Tuesday, December 8, 2020

On Medium: Is Success Ever Earned?

An article on how our commonsense congratulations about our successes in life are empty if talent, hard work, and luck don't add up to unambiguous merit.


  1. we should be wondering whether the enlightened nihilist has any reason to get up in the morning. Otherwise, we should be looking for a sustainable value system that’s isn’t so superficial or archaic.

    The only reason I get up some mornings is because I cannot get back to sleep. There does not seem to be any cause these days worth serving; not even my own.

    Successful people attribute their accomplishments to their own efforts because feeling in control of one's destiny feels good & most people want to feel good. But if you aren't as motivated to feel good, then you are less likely to take credit for your lot & life & you are more likely to see how little control anyone has over their circumstances. That is, I suspect the philosophical attitude might largely be the result of a brain that just can't take pleasure in the things that make most people happy. The clinical term would be anhedonia & it almost certainly has a neurological basis. So, I don't think there is any religion, philosophy, or value system that could cure the nihilism that you describe. Even genuine philosophical nihilists, like Buddhists, generally have no trouble getting up in the morning since even they are inexplicably motivated, if not to pursue pleasure, to at least avoid suffering. Ultimately, I think this is a neurological condition, not a philosophical problem.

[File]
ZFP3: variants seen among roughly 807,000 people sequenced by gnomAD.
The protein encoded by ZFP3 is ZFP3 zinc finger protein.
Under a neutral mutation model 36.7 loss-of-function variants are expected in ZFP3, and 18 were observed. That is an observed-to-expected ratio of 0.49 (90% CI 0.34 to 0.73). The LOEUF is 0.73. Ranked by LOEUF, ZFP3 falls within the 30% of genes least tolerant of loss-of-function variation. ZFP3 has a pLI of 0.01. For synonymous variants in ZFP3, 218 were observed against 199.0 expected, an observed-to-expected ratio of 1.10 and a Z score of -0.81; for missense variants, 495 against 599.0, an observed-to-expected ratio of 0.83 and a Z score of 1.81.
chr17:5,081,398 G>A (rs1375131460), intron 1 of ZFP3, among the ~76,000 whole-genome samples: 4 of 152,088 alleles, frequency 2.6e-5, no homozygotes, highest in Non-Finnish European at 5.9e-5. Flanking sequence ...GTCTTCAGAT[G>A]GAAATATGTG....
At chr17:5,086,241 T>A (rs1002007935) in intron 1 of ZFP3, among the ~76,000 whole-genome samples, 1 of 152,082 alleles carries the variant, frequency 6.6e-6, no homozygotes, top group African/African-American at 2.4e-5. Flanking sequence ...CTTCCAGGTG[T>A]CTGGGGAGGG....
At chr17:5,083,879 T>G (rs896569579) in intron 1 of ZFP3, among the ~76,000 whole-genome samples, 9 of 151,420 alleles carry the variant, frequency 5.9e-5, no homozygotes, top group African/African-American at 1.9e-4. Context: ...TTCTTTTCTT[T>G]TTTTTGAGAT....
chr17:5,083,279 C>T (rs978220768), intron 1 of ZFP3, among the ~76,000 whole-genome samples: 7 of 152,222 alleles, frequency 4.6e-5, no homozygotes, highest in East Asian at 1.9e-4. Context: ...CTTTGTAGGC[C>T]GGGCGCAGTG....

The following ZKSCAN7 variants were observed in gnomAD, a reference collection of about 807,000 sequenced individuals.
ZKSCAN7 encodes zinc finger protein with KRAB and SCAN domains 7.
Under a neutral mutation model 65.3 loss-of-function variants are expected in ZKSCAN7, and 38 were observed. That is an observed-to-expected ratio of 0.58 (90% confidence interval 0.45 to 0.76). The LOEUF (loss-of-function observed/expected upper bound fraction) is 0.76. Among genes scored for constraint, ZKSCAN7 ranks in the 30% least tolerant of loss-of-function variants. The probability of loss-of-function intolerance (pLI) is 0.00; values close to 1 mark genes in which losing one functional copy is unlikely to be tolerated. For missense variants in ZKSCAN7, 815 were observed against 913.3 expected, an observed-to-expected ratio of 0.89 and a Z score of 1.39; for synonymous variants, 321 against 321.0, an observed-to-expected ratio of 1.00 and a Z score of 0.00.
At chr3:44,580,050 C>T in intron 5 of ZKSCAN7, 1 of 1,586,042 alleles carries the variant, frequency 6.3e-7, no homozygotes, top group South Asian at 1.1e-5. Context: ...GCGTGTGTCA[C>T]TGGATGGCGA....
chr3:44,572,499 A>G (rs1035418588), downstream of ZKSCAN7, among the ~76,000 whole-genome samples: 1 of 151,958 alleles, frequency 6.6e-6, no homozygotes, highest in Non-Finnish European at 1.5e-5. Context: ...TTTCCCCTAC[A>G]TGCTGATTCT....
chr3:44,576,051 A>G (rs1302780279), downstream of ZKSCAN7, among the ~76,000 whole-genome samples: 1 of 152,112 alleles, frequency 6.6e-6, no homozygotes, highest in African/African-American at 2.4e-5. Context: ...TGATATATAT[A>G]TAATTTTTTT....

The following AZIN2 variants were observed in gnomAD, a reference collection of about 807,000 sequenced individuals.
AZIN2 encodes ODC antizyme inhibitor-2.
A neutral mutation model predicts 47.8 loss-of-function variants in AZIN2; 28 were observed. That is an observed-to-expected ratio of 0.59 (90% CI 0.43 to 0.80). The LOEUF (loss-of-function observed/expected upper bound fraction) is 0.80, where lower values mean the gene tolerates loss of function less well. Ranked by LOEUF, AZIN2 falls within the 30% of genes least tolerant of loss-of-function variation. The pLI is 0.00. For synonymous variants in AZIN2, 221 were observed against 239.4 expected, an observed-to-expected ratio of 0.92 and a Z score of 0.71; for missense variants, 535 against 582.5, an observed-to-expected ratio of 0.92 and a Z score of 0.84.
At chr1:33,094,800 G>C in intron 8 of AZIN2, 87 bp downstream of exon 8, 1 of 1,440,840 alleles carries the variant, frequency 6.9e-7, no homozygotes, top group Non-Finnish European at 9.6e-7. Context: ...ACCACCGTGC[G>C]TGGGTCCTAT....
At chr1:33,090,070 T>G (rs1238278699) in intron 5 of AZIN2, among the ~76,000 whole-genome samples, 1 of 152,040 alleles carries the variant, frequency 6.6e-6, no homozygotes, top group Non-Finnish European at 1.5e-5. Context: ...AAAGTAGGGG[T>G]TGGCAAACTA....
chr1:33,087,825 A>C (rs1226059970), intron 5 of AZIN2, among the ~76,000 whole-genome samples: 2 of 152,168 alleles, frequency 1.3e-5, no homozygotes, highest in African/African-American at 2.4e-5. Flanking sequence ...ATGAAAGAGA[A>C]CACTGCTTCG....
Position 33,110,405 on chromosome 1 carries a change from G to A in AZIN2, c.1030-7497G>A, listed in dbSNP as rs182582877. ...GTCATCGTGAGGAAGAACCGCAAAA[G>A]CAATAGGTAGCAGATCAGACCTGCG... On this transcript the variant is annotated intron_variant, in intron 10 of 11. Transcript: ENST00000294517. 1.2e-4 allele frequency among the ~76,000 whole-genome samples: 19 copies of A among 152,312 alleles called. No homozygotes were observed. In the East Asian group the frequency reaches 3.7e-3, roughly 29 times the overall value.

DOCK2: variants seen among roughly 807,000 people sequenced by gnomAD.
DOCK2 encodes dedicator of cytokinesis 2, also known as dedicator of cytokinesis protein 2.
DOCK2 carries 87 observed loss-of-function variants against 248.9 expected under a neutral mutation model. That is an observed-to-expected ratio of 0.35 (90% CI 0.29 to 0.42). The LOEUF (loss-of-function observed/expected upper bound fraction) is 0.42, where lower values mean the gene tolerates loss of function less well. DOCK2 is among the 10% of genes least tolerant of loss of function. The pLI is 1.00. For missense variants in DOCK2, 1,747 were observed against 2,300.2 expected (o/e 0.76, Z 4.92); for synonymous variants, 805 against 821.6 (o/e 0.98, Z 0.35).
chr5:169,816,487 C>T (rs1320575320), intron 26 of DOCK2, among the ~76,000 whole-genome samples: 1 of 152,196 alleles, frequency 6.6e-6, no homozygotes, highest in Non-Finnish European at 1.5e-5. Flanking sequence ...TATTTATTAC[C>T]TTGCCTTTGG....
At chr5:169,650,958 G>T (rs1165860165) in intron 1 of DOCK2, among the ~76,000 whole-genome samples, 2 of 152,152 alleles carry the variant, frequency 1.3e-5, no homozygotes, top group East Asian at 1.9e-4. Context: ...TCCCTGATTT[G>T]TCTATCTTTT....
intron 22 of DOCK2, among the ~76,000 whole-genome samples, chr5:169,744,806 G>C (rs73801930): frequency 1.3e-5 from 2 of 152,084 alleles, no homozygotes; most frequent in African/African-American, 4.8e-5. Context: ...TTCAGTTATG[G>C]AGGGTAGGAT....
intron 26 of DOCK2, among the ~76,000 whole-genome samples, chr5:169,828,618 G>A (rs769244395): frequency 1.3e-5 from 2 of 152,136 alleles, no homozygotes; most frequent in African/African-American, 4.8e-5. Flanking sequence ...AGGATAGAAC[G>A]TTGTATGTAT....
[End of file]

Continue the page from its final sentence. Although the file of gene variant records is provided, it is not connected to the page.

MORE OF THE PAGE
1. I don't think this makes for an either-or choice. There are likely at least two ways to become depressed or anxious, through a genetic or neurological condition and through philosophy. There can be overlap between these causes, as when a melancholic disposition leads you to study rather than ignore philosophy.

      There might be nihilistic or hyperskeptical personalities that can't be cured by philosophy, but I'd maintain that philosophy and science or reason more generally pose independent social problems.